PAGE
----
If you’d be inclined to imagine it, the bloodstream is like a national highway, making all the necessary stops along the body as it delivers nutrients and disposes of waste throughout. As the Amazon Prime-cum-street sweeper extraordinaire of the human body, it’s important to keep the blood and blood flow healthy.
The idea of “keeping blood healthy” is a little vague though — no, you don’t have to inject anything in your veins and no, the objective isn’t to make blood more vividly red or thick. Healthy blood simply refers to blood that’s well oxygenated, has proper circulation, and is within the normal range of blood pressure. It sounds like a lot of factors to monitor, but luckily, there’s some overlap between the steps so you can improve the condition of your blood:
Exercise. You can groan, but the reason there is an overlap between the steps is that “being healthy” is a holistic experience. You’re dealing with the very same body after all. When you aim to improve your circulation through exercise, your heart, as consequence, gets stronger and more capable of relieving the pressure on your arteries. Thus, lower blood pressure too. It’s a win-win scenario that really should motivate more people to start walking.
Improve your diet. This means drinking more water to cope with the new exercise routine and to keep your blood fluid. This means avoiding high-sodium food and things that might increase your blood sugar like complex carbohydrates. This also means introducing certain blood-positive (ha!) food into your diet like legumes, berries, cayenne pepper, and others. The food you need should be those that are rich in iron, magnesium, potassium, and protein.
Take supplements. If it’s hard to fix all these nutrients in your everyday meals though (especially in this economy?), you can always take vitamins and supplements. Iron, vitamin E, and B vitamins are known to improve blood circulation. There’s also ‘natural supplements’ that could help in lowering blood pressure such as hibiscus and fish oil.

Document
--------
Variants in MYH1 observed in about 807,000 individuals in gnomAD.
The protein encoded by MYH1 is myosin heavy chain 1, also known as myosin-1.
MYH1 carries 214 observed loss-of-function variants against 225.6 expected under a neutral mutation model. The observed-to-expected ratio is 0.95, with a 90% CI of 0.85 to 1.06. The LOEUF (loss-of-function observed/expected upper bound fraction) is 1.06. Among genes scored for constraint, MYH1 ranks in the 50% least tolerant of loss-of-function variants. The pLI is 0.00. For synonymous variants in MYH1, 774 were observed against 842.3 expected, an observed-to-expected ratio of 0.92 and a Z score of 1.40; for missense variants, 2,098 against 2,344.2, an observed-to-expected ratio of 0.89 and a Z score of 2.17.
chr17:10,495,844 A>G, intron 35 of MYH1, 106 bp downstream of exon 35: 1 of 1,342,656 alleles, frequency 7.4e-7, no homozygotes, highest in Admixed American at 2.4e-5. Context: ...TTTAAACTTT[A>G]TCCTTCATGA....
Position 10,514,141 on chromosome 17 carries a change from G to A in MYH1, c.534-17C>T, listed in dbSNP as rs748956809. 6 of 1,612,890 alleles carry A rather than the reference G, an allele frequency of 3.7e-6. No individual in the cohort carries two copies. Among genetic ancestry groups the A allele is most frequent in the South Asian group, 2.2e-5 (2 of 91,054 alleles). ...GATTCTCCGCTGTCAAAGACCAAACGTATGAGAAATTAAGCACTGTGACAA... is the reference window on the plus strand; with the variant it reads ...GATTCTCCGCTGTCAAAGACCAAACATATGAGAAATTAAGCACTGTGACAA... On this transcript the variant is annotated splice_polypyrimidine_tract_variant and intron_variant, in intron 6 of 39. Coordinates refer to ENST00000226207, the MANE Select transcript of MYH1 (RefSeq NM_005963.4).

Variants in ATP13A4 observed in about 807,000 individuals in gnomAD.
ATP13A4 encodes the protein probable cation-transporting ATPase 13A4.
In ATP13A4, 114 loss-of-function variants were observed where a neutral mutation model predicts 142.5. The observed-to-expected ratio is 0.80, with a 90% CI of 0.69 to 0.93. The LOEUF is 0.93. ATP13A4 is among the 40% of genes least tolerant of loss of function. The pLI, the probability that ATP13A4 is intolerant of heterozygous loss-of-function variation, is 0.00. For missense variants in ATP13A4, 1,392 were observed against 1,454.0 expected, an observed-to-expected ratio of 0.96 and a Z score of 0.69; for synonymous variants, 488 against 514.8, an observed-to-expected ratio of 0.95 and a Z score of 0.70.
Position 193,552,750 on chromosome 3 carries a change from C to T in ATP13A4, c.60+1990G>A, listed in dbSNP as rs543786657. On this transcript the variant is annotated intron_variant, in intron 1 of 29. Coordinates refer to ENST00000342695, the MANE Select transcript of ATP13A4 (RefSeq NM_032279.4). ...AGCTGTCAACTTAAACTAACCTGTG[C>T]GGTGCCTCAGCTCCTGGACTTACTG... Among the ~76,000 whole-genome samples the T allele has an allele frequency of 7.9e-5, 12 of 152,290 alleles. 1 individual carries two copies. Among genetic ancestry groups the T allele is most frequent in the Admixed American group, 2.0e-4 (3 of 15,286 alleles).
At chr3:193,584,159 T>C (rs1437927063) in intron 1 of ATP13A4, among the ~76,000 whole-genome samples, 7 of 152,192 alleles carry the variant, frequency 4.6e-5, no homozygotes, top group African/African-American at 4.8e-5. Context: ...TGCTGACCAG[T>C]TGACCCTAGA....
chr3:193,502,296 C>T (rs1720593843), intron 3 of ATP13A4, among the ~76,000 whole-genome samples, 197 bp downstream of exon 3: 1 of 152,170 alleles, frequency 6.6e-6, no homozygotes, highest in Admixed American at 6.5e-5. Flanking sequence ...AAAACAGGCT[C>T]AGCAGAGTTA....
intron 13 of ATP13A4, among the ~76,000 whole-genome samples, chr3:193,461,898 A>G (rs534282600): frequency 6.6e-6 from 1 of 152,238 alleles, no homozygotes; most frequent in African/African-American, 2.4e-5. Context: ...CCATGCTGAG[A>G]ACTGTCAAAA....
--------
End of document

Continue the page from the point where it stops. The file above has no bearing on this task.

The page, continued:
Kick the habit. Nicotine, alcohol, caffeine — whatever could, later on, develop into an addiction, might be best monitored. There are conflicting reports on whether or not a bit of alcohol and caffeine is good for you, with some saying that moderate intake of either might even protect your heart, but it’s widely accepted that huge amounts could lead to high blood pressure. As for nicotine, there’s no clear relationship with blood pressure, but it does lead to heart problems, which, being the organ that pumps blood, might lead to circulation problems.
Manage your stress. It’s common to say that whenever your stress or annoyed, you feel like your “blood pressure rising.” This isn’t that far from the truth: when you’re stressed, the blood vessels in your body constrict, causing poor circulation. Whether it’s a massage, meditation, yoga, deep breathing techniques, or just relaxing while your feet are propped up against the wall — there’s bound to be a method of stress management that works for you. Some of these mentioned even have very specific benefits for blood flow, like slowing your heart rate!
These are just the general tips, if you want to look deeper into the topic, some say that using a loofah on your body or bathing with warm water helps to increase blood flow too.